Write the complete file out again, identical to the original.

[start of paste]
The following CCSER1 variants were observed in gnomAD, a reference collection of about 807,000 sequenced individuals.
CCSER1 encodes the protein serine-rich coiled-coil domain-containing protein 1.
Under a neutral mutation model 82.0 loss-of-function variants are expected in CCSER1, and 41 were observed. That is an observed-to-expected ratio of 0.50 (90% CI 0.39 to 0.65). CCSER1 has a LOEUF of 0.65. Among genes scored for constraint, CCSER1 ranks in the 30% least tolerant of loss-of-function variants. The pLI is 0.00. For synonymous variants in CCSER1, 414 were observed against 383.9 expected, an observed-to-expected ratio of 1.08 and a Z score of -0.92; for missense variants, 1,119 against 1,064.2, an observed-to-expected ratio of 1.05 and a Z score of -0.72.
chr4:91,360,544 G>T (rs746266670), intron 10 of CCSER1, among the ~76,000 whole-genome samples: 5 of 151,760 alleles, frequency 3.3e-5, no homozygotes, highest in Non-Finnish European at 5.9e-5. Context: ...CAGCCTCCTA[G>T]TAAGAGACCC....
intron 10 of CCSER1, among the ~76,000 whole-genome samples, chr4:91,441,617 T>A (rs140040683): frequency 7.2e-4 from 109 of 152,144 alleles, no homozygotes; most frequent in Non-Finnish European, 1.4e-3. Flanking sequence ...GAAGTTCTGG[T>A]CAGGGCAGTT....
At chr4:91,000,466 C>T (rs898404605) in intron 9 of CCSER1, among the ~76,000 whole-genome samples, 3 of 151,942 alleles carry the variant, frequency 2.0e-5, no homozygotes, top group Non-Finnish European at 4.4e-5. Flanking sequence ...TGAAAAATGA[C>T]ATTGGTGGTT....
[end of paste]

The following CCSER1 variants were observed in gnomAD, a reference collection of about 807,000 sequenced individuals.
CCSER1 encodes the protein serine-rich coiled-coil domain-containing protein 1.
Under a neutral mutation model 82.0 loss-of-function variants are expected in CCSER1, and 41 were observed. That is an observed-to-expected ratio of 0.50 (90% CI 0.39 to 0.65). CCSER1 has a LOEUF of 0.65. Among genes scored for constraint, CCSER1 ranks in the 30% least tolerant of loss-of-function variants. The pLI is 0.00. For synonymous variants in CCSER1, 414 were observed against 383.9 expected, an observed-to-expected ratio of 1.08 and a Z score of -0.92; for missense variants, 1,119 against 1,064.2, an observed-to-expected ratio of 1.05 and a Z score of -0.72.
chr4:91,360,544 G>T (rs746266670), intron 10 of CCSER1, among the ~76,000 whole-genome samples: 5 of 151,760 alleles, frequency 3.3e-5, no homozygotes, highest in Non-Finnish European at 5.9e-5. Context: ...CAGCCTCCTA[G>T]TAAGAGACCC....
intron 10 of CCSER1, among the ~76,000 whole-genome samples, chr4:91,441,617 T>A (rs140040683): frequency 7.2e-4 from 109 of 152,144 alleles, no homozygotes; most frequent in Non-Finnish European, 1.4e-3. Flanking sequence ...GAAGTTCTGG[T>A]CAGGGCAGTT....
At chr4:91,000,466 C>T (rs898404605) in intron 9 of CCSER1, among the ~76,000 whole-genome samples, 3 of 151,942 alleles carry the variant, frequency 2.0e-5, no homozygotes, top group Non-Finnish European at 4.4e-5. Flanking sequence ...TGAAAAATGA[C>T]ATTGGTGGTT....